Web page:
We’ll post our electrical plans and selections soon.

C&K

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16 responses

24 02 2012
Ash

I’ve been enjoying your journey so far which is made even better because you are at a similar stage to Mick and I!

The only advice I think I can give on the electrical-front is one that our builder gave us (we also have spent a small fortune on lights!): Only have your builder do things that either can’t be done later (i.e. ground-floor rooms with no roof, or a raked ceiling, above them), or that you need as soon as you move in. It is much cheaper to get your own electrician after hand-over to add extra light points (especially downlights) and power points etc. Mick and I plan on adding extra LED downlights to the upstairs, alfresco and media room after hand-over. Also, after briefly looking into the difference between LED and compact-fluoros, LED’s seem to perform/look better. Also, you may pay less at first for the compacts, but seeing as you plan to replace them, you end up paying again for the replacement fitting and any labour involved in that, and they don’t make it easy given there seems to be no standardisation in the ‘lighting world’…but I’m not an electrician and I certainly understand the necessary compromises when it comes to “upgrades.”

Good luck!

27 02 2012
Paul Mooney (@PaulGMooney)

We put light points to the ground floor pretty much everywhere we were going to place a downlight after handover – but then we did ours before the rules changed regarding lighting and didn’t have to fork out the ridiculous price they wanted for even CFL’s!! We’ve been replacing said lights with LED downlights for about $25 each (brother is a sparky so could source the light fitting and LED globes (8w dimmable) at wholesale prices) which was a lot cheaper than M doing it. Upstairs we just left the basic single light point per room as we can wire in more later – and these will be LED as well. We’re putting LED downlights practically everywhere (about 100 all up!)

With light sockets, if the fitting is GU10 (which most halogen down lights are) then the LED globes with GU10 socket are the way to go. Not sure about the CFL lights however I suspect they may also be GU10’s. The GU10 LED’s generally have a built-in transformer and run off 240V, whereas halogen lights have a separate transformer. I think CFL’s also have built in transformer.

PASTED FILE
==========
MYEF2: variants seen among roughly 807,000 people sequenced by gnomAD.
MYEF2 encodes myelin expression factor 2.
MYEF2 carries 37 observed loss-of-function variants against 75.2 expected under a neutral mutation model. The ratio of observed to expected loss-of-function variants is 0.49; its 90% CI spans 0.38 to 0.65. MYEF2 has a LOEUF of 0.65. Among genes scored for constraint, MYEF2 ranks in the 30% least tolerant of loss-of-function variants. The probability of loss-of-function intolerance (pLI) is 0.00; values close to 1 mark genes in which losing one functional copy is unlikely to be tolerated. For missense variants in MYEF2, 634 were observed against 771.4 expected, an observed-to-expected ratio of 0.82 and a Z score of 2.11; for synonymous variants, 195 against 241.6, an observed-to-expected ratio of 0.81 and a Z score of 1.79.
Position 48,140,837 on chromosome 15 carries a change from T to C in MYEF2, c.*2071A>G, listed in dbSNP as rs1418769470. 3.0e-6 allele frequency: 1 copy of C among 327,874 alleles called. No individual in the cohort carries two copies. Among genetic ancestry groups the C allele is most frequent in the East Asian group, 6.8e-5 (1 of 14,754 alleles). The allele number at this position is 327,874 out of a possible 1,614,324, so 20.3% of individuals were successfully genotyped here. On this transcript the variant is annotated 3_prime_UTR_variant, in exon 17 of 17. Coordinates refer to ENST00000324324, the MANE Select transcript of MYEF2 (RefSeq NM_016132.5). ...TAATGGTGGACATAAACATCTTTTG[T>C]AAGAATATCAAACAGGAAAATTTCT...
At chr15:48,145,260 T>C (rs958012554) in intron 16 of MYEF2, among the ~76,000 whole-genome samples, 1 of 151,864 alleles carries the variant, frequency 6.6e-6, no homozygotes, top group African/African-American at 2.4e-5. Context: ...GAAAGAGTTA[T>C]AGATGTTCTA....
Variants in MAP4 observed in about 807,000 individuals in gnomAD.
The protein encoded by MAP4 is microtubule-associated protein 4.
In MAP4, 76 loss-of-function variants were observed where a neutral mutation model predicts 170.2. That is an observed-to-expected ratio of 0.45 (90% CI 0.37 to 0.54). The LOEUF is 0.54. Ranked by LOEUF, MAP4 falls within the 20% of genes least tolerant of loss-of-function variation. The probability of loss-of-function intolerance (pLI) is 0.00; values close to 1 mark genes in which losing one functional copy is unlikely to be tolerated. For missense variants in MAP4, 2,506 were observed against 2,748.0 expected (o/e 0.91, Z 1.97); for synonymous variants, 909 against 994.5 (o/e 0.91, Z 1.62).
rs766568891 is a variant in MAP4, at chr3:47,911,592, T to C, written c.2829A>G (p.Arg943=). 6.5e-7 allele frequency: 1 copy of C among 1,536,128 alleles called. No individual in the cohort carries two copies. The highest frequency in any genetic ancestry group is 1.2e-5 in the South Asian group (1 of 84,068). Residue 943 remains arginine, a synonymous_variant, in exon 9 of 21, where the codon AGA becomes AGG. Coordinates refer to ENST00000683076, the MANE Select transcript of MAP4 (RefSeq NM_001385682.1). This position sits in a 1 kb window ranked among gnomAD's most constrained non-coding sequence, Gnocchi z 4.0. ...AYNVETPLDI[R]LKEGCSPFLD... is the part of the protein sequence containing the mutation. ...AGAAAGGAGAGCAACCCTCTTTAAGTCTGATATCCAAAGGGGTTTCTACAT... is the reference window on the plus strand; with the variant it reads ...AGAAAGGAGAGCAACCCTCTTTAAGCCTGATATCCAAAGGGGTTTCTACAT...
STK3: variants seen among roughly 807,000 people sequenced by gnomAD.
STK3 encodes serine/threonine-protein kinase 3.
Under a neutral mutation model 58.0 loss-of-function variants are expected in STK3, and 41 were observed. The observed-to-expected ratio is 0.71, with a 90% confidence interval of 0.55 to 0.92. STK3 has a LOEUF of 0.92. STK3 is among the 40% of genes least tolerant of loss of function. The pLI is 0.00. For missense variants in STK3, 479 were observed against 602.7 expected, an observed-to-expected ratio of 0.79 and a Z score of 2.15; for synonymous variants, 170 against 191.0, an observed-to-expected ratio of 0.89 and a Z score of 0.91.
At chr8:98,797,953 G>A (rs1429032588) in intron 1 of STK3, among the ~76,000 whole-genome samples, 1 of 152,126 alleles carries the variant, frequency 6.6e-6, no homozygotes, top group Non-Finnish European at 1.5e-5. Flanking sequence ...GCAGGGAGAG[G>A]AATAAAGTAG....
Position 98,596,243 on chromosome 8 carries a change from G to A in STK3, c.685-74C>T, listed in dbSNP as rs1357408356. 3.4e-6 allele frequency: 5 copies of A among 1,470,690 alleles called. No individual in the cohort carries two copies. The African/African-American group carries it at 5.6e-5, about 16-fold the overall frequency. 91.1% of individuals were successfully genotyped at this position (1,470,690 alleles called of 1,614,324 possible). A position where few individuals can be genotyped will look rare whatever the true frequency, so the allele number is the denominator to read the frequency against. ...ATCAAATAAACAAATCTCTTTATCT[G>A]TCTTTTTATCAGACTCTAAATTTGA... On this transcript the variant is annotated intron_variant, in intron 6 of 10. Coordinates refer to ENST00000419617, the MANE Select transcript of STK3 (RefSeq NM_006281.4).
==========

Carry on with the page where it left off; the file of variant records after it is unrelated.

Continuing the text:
We wanted to put the data services cabinet under the stairs as well but at installation time were told it had to go into the garage. Something to do with access but can;t remember the details sorry!

I hope you’re sitting down when you get the AC quote! 🙂 That’s if you’re getting the refrigerated add-on. It’s not cheap, but you won’t be disappointed in it’s performance. We ended up with 23kw Actron refrigerated unit for our 52 squares. We were told it could only cool one zone at a time (upstairs or downstairs) however even on those 38C days it’s kept the whole house cool running both zones!!!!

And lastly, if you’re going to tile your floors DON”T pay the builder to do it. We requested porcelain tiles in the powder room but wanted the same tiles to extend thru entry and kitchen/family room but do this after handover. We went to Beaumonts in Dandenong, and ordered the tiles there and they linked the order to the same batch! Then the same tiler who did the powder room, came back after handover and did our floor tiles, pattern matching to what he did in the powder room. I can give you they’re details if you like as they did a very good job. In the end we got 600mm x 600mm porcelain tiles laid for around what the builder would have charged for the basic ceramic tiles!

Good luck and ler me know if you need anything else!

4 04 2012
Appu

Hi All,
Is 6 star energy rating a must in Victoria? So we can’t use the standard lights which Metricon / Habitat offer if we need to meet 6 start energy rating? Please advise further.
Appu John

4 04 2012
ournolanhome

Hi Appu,

6 star energy rating is a must in Victoria – this came into affect last year. More information on this can be found on this government website

http://www.makeyourhomegreen.vic.gov.au/www/html/1962-introduction.asp?intSiteID=3

Not sure what you mean by ‘standard lights’, but because of the 6 star energy rating requirements, we could not install halogen downlights by the builder as it would not comply.

In regards to downlights you have 3 options: